I'm not sure if learning to act average has made me sloppy and the not-at-all-perfectionist person that I am. Maybe that was always already there. Learning to act average however comes with one advantage, which is that I always knew I could do much better if I actually did something. Even though I had to work harder once I got to secondary school and later university, there was always still that feeling that there was a lot of reserve, and that I could always go that extra mile if needed.

7 responses so far

"Just do what you like doing best"

Yesterday I talked to my manager about the fact that I don't really know where I want to take my career and where I imagine myself in 5-10 years. I ended with:"Or am I overthinking this?" And they laughed and admitted that to them, the idea that this amount of planning a career was not what they had ever done. They responded saying:"Personally, I try to have a job with as many aspects in it that I really like to do on a day-to-day basis". They continued:"So my advice would be that if you talk to people about what their job entails, don't talk about the tasks that they do, but about the things they like in their job. That might help you find what kind of job would make you happiest."

This advice sounds so simple and also so in contrast to what I've learned before, which is that you should work hard and in the end you are rewarded with something. That you need to climb a steep ladder to get to where you want to be. Maybe the end results is not the most rewarding thing in a job, but the fact that if you find a job that you like, going home everyday with a smile on your face is the best reward.

If you think about it, this is what we learn at school already: study hard and get rewarded with a high grade. You rarely get to wonder if you like what you are studying. Is this why so many of us seem to struggle with finding what we like doing later in life? Because we have learned to ignore whether we like what we are doing?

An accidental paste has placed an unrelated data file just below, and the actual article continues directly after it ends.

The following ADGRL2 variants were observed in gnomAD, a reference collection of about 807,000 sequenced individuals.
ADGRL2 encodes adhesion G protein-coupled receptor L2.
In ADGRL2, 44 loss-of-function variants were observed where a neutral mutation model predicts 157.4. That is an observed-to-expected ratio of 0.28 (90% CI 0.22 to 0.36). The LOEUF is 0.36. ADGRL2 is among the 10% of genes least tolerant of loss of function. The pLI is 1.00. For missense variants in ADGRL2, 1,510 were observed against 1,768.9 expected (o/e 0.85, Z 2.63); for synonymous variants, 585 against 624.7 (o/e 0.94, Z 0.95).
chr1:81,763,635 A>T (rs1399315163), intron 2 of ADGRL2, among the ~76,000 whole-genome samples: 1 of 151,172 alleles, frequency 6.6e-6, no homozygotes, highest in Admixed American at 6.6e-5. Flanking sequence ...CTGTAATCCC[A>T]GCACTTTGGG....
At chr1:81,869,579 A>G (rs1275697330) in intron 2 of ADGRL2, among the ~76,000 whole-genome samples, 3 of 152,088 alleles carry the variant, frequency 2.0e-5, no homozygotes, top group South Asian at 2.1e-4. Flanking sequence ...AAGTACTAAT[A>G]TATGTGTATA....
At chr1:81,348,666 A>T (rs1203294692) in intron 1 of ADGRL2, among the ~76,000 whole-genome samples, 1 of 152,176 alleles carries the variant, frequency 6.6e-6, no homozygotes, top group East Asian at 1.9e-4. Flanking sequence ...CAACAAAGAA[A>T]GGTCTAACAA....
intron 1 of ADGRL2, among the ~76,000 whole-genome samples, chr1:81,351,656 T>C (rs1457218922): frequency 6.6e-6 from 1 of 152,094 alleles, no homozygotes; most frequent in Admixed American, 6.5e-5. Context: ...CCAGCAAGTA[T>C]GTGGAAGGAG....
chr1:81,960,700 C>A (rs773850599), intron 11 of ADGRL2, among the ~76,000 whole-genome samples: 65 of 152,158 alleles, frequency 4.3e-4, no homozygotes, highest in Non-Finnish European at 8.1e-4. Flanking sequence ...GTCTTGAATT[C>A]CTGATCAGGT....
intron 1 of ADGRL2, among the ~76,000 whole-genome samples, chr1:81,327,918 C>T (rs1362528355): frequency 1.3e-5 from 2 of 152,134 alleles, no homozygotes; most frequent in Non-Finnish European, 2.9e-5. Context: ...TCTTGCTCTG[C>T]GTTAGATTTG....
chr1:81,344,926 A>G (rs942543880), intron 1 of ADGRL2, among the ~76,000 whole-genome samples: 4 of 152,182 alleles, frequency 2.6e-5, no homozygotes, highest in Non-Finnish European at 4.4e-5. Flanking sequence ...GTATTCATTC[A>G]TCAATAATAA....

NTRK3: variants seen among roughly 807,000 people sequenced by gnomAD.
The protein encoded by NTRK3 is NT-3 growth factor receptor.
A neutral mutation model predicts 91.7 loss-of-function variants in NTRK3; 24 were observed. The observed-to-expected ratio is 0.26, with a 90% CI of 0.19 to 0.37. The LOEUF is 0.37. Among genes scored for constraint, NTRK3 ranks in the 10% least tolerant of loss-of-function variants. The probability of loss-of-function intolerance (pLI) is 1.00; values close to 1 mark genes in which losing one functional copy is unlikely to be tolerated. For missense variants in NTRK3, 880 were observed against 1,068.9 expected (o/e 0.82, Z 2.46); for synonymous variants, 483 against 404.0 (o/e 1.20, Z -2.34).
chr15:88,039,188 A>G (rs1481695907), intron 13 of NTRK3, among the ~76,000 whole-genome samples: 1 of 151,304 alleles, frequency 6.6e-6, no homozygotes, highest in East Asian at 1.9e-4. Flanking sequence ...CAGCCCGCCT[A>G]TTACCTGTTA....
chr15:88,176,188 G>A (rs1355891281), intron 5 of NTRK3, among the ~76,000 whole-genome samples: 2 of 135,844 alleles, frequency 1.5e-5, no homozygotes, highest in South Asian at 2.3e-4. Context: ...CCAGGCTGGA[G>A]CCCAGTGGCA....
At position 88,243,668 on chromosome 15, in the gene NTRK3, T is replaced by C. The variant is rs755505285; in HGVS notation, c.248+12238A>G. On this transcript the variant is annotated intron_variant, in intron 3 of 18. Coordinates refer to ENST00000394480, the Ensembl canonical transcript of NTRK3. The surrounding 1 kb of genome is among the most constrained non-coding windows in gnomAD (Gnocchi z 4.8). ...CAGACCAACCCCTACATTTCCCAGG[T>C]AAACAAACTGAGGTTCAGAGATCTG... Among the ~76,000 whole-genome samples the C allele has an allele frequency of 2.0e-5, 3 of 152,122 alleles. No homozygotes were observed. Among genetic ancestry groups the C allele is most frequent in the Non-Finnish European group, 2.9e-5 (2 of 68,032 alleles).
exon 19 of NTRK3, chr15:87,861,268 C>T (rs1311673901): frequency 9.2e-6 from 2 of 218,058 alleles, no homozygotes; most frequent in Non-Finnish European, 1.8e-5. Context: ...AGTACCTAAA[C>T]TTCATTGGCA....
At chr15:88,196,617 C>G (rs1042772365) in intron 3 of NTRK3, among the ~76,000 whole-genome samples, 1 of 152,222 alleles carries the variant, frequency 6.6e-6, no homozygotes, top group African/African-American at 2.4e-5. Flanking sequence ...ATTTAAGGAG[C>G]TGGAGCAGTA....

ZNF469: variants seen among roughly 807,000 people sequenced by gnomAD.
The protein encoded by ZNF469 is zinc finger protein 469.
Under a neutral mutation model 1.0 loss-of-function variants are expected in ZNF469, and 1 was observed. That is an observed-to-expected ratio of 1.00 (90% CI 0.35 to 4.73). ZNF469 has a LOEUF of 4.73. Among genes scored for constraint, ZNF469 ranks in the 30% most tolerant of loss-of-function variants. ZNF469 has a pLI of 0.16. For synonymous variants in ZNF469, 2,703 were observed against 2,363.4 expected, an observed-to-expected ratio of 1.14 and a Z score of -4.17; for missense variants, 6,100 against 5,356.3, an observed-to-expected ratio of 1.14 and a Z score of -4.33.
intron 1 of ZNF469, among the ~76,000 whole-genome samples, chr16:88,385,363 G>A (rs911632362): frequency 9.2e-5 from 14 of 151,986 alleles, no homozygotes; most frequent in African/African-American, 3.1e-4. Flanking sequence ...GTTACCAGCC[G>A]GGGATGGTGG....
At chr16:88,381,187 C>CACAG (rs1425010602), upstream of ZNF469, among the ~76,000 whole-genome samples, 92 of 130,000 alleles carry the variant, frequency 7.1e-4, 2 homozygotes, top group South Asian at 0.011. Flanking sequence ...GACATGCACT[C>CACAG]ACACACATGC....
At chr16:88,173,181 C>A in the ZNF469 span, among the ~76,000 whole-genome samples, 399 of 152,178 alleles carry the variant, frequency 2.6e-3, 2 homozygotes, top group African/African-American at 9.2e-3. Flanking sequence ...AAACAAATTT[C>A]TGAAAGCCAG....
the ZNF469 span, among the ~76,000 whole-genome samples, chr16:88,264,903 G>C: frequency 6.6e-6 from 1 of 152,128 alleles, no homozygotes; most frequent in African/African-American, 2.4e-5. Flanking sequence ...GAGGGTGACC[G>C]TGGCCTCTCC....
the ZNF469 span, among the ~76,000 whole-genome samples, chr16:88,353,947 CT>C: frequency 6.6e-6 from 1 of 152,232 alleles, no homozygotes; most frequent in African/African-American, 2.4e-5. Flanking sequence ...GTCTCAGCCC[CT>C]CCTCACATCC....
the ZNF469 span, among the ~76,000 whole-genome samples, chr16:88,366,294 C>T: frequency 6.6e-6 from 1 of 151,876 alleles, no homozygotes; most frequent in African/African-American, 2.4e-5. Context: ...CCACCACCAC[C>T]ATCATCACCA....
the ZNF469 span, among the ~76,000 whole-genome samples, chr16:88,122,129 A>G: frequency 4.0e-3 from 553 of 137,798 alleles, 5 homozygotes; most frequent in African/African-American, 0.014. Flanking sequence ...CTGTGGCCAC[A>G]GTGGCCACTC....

5 responses so far

Baby vs. work: sometimes you have to choose.

Yesterday, my anonymous friend wrote a guest post about bringing her baby to work and how - for now - this works very well for both of them. On twitter, @crazygradmama said the following:

which I wholeheartedly agreed with. Obviously, not every baby is the same and then we're not even talking about babies with disabilities or illnesses that make it much harder and more intense to care for them. I'm not sure BlueEyes was officially colicky, but he pretty early on was able to make known what his preferences were. He liked to be worn, but only if the person wearing him kept moving when he was awake. Only if he slept, that person could sit down, and he usually only napped for 30-40 minutes at a time, in a pretty unpredictable manner. He did not like to spend much time by himself in a playpen or something like that. He did not like to sit in his carseat and he did not like to be held by unfamiliar people.

In addition, it took quite some time for me to get used to my role as a mother and merge my scientist/professional-me with my mother-me (there's a post brewing about this, but it's not quite done yet). Especially in the beginning this made it kind of uncomfortable to bring my baby to work or to a conference because it felt really weird to be those two roles at the same time. Also, being able to focus on work and a baby on the crappy amount of sleep I was getting seemed a bit much for my already foggy postpartum brain.

With Little Brother, working during my maternity leave was easier. He was a bit less intense than BlueEyes in making known what he wanted and I was a bit better at going with the flow. At home, I put my laptop high enough that I could stand and work, so I could bounce him while wearing him and type at the same time. I took him to work every now and then just to check in at the lab, but we were also moving when he was four months old, so it wasn't that crucial to find a long-term solution of bringing him to work.